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Posted by Miningman on Monday, April 23, 2018 5:53 PM

Hard to untangle this one...maybe narig01 but is he still around? 

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Posted by rcdrye on Thursday, April 26, 2018 11:00 AM

While we're waiting...

This bridge, which is still in daily use, was the longest single-leaf bascule bridge ever built when it was originally installed.  Formerly in line (one after the other) with another similar bridge, it now sits beside it, with a slightly shortened leaf.  Location and reason for bridge relocation.

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Posted by narig01 on Thursday, April 26, 2018 3:19 PM

Miningman

Hard to untangle this one...maybe narig01 but is he still around? 

 

I'm still around. Wasn't sure what happened to the thread. I usually catch this in my email. For some strange reason this was misrouted into spam. 

 

rcdyre go ahead

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Posted by rcdrye on Thursday, April 26, 2018 7:11 PM

Glad you're back! If you have a different question I can withdraw the one I posted.

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Posted by narig01 on Friday, April 27, 2018 2:07 AM

Please continue. I don't have a good question right now. And I think the current one is interesting. 

   I'm would think  CSSHEGEWISCH should get this one, as he knows engineering and/or bridge history. 

Thx IGN

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Posted by rcdrye on Sunday, April 29, 2018 2:18 PM

Both bridges involved were lifted to a higher level during reconstruction, as part of one of the largest civil engineering projects in its era, one that shaped its city.

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Posted by Overmod on Sunday, April 29, 2018 11:57 PM

Are you looking for the SCAL (ex-IC) and B&OCT bridges, tinkered with when the South Branch was straightened?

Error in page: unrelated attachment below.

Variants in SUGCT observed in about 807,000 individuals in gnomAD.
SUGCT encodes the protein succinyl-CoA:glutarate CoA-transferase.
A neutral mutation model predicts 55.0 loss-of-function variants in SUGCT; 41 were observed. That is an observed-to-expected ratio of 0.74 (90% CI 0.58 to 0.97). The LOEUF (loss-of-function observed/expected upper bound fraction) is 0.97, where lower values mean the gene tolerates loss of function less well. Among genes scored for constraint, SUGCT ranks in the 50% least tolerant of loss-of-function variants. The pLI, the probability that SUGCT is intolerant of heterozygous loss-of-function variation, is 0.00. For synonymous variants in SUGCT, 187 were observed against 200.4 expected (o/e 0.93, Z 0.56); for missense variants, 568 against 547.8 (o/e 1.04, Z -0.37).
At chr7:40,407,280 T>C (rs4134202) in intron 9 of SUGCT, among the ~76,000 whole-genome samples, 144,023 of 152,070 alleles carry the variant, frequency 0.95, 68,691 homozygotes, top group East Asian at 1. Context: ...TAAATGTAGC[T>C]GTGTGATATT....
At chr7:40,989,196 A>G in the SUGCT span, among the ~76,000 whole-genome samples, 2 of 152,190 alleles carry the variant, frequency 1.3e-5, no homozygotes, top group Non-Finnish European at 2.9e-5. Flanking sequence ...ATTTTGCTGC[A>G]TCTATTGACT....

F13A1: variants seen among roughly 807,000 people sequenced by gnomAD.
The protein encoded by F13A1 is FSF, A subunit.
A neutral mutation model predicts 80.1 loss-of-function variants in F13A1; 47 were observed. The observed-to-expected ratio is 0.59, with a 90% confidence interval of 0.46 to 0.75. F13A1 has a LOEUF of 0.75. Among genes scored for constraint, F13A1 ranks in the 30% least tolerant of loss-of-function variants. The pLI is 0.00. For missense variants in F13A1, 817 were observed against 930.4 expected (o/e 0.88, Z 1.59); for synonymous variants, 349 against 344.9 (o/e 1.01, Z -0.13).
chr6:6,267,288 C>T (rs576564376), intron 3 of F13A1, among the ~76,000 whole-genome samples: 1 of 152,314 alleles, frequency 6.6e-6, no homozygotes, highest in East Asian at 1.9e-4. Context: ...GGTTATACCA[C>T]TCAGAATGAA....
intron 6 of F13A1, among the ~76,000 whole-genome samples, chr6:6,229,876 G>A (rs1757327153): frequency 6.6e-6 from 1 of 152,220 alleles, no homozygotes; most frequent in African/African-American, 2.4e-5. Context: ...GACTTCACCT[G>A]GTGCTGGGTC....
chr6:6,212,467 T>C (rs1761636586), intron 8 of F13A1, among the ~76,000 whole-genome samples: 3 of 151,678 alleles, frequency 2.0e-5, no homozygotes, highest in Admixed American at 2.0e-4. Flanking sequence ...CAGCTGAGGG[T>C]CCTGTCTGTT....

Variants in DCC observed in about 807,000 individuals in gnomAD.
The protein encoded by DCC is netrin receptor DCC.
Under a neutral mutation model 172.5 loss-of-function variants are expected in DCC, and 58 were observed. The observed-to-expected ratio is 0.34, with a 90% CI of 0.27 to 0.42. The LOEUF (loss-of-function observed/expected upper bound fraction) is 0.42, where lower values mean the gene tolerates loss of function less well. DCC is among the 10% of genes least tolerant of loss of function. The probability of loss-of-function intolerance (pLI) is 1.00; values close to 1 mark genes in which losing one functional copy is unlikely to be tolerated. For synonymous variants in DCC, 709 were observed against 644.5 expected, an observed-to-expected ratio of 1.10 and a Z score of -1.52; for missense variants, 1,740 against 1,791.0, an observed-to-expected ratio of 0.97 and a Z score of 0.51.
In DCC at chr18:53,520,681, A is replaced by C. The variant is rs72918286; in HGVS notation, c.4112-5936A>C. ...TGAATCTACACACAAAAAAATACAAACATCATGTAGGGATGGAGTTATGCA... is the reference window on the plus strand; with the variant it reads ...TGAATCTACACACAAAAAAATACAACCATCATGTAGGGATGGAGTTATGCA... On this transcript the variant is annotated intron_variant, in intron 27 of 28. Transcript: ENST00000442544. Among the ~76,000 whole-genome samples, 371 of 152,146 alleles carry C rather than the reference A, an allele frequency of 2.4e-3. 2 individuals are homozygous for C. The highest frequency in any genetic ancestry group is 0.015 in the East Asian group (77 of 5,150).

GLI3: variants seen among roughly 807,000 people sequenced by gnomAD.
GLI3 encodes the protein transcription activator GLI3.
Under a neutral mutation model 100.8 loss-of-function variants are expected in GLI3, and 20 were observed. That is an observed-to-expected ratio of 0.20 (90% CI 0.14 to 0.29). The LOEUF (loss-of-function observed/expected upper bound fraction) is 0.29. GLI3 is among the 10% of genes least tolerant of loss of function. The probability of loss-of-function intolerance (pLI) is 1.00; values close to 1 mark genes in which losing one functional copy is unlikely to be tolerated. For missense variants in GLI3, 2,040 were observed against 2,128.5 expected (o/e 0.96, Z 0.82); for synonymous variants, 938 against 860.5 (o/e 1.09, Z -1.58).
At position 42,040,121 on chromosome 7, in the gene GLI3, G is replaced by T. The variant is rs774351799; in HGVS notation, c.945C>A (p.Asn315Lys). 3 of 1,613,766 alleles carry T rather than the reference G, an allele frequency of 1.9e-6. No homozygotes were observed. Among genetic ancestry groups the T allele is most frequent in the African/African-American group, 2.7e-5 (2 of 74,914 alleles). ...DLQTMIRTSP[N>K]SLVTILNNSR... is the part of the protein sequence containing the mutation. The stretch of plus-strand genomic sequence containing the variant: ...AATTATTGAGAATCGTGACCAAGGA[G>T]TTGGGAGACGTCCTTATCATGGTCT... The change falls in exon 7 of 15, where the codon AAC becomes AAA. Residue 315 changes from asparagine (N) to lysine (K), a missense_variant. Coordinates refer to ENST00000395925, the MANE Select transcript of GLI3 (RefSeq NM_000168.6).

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Posted by rcdrye on Monday, April 30, 2018 6:33 AM

Overmod

Are you looking for the SCAL (ex-IC) and B&OCT bridges, tinkered with when the South Branch was straightened?

 

That's what I was looking for.  The SCAL bridge was built with a 260 foot leaf over the original channel of the Chicago River, several hundred feet east of its current location.  The B&OCT bridge was built on its present site over the new channel while it was still being dug.  Both bridges were built at a low level, with the SCAL and B&OCT crossing the south approach to Union Station at grade near the current Amtrak Coach Yard.  Once the B&OCT bridge was completed, both SCAL and B&OCT used the B&OCT bridge to cross the new channe, with B&OCT moves swinging north onto the island between the old and new channels.  SCAL traffic used the original SCAL swing bridge untill the new Strauss Trunnion Bascule span was completed.  Once the old channel was filled in, the SCAL bridge was dismantled and re-erected next to the B&OCT bridge, but at a high enough level to connect with the new SCAL and B&OCT inclines over Union Station trackage.  The SCAL bridge was shortened about 40 feet during the move.  The final move was to lift the B&OCT bridge to the level of the new inclines and remove temporary connections.

The St. Charles Air Line is a short connecting line built by the CB&Q, C&NW, IC and Michigan Central.  It's still owned by BNSF, UP and CN. IC acquired PC's ex MC share.  All of the construction on the bridges was handled by IC and B&O. Both bridges were in service until Grand Central and the adjoining freight house were closed by B&OCT in 1969.  The B&OCT bridge has been in the up position since, and is no longer reached by tracks.  The SCAL is used by CN Iowa line trains, by numerous transfer runs, and by Amtrak trains using CN's ex-IC main line.

Here's a link to a page with some photos and drawing showing the move:

http://industrialscenery.blogspot.com/2015/12/st-charles-airline-bridge.html

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Posted by Miningman on Monday, April 30, 2018 4:19 PM

Fascinating...and thanks for the great link that explains it all. Really good reading and information.